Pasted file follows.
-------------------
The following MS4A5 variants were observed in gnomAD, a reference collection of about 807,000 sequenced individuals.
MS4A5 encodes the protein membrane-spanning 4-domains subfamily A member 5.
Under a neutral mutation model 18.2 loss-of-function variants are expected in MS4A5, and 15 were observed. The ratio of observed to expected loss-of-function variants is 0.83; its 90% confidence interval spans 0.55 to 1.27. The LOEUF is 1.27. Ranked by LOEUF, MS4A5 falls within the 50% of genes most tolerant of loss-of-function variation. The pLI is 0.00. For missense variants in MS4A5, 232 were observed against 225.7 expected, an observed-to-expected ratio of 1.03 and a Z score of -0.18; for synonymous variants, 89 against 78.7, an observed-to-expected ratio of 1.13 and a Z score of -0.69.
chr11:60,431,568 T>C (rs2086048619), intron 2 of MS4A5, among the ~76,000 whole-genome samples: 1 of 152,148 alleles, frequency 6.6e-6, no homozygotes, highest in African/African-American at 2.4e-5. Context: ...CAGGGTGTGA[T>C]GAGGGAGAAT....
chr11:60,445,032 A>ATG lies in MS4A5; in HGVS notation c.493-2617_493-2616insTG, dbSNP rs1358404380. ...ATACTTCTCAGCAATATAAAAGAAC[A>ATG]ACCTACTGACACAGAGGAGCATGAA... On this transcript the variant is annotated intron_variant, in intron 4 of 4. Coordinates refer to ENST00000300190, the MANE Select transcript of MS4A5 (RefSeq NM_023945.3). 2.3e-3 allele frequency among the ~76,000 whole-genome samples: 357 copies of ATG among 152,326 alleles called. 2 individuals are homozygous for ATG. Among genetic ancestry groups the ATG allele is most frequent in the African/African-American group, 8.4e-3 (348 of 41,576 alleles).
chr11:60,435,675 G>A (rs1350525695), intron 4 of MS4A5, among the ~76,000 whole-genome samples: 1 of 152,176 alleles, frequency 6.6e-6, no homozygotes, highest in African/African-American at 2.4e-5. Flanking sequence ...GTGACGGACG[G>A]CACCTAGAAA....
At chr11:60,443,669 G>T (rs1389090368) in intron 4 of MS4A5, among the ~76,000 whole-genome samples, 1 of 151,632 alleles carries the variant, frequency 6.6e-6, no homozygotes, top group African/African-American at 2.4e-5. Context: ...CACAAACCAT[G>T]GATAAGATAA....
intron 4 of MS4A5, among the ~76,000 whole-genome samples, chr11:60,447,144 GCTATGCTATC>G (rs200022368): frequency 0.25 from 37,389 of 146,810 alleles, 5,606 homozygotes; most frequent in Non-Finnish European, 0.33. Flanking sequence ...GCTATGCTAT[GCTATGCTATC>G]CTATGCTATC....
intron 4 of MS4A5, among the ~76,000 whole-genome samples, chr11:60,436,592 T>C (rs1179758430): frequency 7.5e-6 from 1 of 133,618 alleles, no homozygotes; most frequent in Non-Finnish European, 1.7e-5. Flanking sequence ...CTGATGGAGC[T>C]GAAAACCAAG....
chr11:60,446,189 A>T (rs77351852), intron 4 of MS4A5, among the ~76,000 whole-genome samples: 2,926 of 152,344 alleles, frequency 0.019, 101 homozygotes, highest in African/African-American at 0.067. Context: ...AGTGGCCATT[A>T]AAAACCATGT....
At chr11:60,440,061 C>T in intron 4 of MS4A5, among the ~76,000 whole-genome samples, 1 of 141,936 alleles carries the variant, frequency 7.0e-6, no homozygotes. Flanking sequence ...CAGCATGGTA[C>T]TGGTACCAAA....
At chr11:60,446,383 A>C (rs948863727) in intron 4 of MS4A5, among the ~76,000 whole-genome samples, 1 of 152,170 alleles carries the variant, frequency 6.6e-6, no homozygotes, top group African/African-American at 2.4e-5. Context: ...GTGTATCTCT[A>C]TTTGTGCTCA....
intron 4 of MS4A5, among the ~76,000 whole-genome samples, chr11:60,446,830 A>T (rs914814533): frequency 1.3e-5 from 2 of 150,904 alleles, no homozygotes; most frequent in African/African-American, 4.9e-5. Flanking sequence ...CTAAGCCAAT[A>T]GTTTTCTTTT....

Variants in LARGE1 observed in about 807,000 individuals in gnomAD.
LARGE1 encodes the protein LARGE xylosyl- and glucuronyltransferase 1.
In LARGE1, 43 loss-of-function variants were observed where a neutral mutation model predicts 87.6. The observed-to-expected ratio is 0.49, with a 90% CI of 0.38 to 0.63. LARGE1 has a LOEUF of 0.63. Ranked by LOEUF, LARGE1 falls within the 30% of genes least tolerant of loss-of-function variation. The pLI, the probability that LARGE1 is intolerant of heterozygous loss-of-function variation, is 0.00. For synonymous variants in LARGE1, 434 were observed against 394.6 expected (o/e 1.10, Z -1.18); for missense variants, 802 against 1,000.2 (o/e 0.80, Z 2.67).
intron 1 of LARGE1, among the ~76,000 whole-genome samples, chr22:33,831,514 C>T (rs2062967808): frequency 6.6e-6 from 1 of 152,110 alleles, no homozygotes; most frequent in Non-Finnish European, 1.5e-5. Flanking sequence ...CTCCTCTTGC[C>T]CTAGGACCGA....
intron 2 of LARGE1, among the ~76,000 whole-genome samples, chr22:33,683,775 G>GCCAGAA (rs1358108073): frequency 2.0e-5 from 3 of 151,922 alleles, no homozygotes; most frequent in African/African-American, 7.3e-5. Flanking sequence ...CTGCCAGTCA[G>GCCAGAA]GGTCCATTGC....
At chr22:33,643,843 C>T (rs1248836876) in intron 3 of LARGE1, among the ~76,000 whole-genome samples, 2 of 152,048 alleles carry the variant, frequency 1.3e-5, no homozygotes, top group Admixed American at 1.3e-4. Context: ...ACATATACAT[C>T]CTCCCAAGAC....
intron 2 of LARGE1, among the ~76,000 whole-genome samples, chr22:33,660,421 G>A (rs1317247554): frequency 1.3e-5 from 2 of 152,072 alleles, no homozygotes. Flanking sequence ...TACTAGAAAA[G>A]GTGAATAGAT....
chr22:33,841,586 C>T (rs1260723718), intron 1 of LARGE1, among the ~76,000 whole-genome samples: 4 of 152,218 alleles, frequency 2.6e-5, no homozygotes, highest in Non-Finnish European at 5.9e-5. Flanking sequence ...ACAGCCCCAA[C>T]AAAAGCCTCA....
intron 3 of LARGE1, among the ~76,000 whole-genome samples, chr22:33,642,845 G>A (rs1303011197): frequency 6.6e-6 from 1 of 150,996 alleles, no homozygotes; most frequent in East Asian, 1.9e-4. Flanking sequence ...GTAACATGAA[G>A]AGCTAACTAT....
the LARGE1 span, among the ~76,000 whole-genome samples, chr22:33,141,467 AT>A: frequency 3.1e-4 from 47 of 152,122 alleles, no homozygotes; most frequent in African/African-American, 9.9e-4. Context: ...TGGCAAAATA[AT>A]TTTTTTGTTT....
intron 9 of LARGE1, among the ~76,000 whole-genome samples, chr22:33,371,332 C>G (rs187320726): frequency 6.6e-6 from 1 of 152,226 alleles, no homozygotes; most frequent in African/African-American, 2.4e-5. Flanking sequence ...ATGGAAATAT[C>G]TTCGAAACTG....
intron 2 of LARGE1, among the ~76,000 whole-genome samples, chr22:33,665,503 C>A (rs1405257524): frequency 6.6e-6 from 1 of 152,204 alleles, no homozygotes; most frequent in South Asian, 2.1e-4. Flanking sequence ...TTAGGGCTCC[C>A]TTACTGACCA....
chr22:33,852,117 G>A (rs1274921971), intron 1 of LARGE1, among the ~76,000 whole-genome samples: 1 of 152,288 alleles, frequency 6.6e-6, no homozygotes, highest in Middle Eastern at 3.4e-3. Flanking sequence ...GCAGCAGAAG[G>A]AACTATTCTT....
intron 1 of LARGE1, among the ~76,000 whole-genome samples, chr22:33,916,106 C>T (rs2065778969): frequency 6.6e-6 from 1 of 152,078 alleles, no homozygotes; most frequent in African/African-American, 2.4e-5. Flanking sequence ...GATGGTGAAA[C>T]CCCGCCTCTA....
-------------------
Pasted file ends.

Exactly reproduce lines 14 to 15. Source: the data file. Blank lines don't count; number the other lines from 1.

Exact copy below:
Variants in LARGE1 observed in about 807,000 individuals in gnomAD.
LARGE1 encodes the protein LARGE xylosyl- and glucuronyltransferase 1.